Monday, 29 April 2013

The Relentless Rise of the Rent

The rising rental market in London is something I addressed previously in my work, in my painting 'Shoebox'. Five years on the situation is far worse - with the disparity between average salaries and the cost of renting escalating.

In this new series: 'The Relentless Rise of the Rent' I am responding to the issues and problems connected to housing and the private rental market in London.

I started by collecting images of real adverts I’d seen in Estate Agent windows, quick snapshots taken on my phone of rotten looking properties advertized for phenomenal weekly rents.  This collecting process of the Estate Agent adverts is ongoing and has provided the starting point for these paintings.

£327 per week for this Stunning Two Bedroom Apartment
Oil on Board

£319 per week for this Gorgeous One Bed Flat
Oil on Canvas

  £330 per week for this Bright and Airy Two Bedroom Flat
Oil on Canvas

Although my work has moved on and the autobiographical anecdotes and statements do not feature in these pieces the personal narrative is still very much present.  I personally find it really difficult to survive in London with the financial pressure of high rent to pay, and amongst social circles it is a subject often being discussed.  

Comparative to other European cities or towns in the UK the London rent prices are phenomenal and are rising fast.  In other countries regulations are different, with five or ten year tenancys being the norm, meaning that people can feel that their rental property is ‘home’ without living in fear of the landlord raising the rent on a yearly basis.  Tenants can make significant changes to their rental properties which helps to create the feeling of ‘home’, tenants in London often feel that their accommodation is temporary and tenancy agreements often specify that only minimal changes can be made to properties.

I wanted to create some paintings in response to this situation, being something that I am directly affected by I wanted to create a series which was an honest and heartfelt response.  I was also interested in the element of documentation, recording and describing a very current issue that in time would capture and illustrate something specific to our generation.  No doubt in five years time the rent prices I am currently recording will have increased, what will the situation be like?  Will it become too difficult to live in London without an executive pay packet?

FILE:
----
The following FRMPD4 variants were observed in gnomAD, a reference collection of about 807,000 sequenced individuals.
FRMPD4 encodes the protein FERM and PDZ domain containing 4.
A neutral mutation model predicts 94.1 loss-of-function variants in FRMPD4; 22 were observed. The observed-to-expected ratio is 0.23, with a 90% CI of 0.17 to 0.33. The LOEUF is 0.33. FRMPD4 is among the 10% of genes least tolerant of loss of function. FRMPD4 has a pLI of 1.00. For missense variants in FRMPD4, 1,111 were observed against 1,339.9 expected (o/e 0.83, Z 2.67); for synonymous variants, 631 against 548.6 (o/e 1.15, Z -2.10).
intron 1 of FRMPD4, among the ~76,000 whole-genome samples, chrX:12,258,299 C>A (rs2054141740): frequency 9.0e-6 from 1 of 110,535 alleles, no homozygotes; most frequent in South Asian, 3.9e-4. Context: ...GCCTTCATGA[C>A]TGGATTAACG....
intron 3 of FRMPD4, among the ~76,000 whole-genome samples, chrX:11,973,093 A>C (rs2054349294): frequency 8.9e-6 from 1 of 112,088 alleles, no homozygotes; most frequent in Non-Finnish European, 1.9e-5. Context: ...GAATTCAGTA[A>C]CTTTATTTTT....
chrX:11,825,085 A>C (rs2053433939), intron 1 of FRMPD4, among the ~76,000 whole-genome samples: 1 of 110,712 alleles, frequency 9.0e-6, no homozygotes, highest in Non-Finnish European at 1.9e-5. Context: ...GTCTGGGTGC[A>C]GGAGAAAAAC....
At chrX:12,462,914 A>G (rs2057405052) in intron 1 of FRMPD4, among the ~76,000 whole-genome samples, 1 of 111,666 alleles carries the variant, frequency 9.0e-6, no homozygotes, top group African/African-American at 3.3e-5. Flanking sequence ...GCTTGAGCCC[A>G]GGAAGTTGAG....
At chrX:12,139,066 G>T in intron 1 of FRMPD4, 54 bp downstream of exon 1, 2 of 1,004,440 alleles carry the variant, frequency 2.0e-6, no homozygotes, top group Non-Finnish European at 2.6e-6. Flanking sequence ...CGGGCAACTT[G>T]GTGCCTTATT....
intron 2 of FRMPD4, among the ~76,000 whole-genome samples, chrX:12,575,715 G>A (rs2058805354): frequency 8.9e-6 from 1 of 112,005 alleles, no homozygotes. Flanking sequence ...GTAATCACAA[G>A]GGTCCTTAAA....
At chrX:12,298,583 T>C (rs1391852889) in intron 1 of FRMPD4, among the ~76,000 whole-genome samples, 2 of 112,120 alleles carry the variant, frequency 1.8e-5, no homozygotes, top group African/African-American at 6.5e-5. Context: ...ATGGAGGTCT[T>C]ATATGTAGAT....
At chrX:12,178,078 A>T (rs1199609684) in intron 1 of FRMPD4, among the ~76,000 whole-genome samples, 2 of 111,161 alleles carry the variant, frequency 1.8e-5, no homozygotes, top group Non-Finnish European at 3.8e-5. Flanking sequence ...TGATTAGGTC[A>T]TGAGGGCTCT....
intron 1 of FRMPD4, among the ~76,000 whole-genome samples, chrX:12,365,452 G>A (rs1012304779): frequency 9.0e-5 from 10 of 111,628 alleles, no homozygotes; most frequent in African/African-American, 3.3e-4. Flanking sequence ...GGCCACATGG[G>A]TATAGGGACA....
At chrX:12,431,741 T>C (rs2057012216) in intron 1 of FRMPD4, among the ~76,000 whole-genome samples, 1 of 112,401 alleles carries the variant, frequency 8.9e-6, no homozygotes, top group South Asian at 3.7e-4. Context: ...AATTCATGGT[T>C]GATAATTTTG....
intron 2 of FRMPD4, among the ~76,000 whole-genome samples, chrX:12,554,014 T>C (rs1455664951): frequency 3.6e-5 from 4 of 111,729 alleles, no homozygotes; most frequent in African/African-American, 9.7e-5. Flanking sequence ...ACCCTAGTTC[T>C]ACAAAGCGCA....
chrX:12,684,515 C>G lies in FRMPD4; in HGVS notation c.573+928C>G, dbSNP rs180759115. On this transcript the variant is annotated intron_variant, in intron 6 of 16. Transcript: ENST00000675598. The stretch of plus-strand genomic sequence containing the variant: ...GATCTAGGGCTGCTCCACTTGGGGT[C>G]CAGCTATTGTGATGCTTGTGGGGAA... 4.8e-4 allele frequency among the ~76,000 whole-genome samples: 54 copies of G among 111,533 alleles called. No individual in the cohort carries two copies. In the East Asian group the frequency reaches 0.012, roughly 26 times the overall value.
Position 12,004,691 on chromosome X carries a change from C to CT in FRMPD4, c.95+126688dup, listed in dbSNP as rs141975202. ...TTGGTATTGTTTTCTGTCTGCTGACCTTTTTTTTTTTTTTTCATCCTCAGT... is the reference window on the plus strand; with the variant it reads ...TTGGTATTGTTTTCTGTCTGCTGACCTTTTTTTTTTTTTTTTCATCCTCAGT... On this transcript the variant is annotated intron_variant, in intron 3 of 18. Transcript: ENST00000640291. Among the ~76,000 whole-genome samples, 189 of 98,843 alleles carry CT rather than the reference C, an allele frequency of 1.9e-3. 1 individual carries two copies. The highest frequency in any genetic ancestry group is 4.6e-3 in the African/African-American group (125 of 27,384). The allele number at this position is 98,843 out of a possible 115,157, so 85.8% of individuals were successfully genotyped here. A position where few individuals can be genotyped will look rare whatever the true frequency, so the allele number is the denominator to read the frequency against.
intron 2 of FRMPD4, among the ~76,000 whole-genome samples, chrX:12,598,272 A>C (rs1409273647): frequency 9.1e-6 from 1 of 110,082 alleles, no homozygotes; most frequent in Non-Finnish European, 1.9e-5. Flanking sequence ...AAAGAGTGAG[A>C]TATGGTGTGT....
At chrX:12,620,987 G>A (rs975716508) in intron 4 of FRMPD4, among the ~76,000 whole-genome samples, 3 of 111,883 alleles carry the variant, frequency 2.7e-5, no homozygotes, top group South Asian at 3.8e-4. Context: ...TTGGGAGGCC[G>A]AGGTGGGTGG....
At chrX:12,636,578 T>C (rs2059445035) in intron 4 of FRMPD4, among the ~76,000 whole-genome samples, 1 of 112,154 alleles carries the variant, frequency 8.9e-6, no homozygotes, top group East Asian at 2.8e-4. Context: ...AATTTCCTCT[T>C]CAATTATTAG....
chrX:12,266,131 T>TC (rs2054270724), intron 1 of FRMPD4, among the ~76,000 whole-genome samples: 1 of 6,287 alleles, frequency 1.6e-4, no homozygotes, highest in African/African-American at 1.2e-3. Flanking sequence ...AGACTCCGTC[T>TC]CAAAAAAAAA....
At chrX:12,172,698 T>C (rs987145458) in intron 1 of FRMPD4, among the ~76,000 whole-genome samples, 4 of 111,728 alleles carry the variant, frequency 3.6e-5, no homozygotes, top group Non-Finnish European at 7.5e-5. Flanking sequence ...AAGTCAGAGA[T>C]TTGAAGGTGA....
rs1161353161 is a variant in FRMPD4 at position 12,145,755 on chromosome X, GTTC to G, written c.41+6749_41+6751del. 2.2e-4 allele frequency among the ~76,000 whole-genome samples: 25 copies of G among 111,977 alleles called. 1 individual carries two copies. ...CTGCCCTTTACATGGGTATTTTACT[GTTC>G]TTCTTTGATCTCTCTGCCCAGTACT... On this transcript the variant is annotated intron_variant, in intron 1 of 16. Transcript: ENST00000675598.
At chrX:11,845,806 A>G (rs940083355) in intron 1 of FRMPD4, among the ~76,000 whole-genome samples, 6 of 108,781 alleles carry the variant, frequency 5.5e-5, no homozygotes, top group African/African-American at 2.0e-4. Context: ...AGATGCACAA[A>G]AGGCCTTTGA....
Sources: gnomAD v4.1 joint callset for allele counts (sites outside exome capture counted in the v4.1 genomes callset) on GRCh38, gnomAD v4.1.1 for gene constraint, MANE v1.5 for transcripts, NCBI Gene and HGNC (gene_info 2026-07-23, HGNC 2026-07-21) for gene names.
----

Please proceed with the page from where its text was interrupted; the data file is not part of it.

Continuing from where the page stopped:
Adequate housing is a human right, outlined in the Universal Declaration of human rights.  How is it then that our homes have become consumerist commodities just like anything else?  With estate agents and landlords responding to the demand and using our 'homes' to generate the highest revenue they can.

Our exhibition in Vienna ‘Affluence & Avarice’ is about greed, and although my paintings about the housing prices might not be overtly referencing this, I think the issues are directly linked.   The reasons for the current housing crisis are complex, it is connected to the on-going global economic problems, the root of this being the negative effects of capitalism.  It’s about the increasing wealth divide.  Are landlords greedy?  It's more complex than that...The over population and demand for properties means that the landlords increase the rents to stay inline with the market…Do we need regulations in place to protect our homes?

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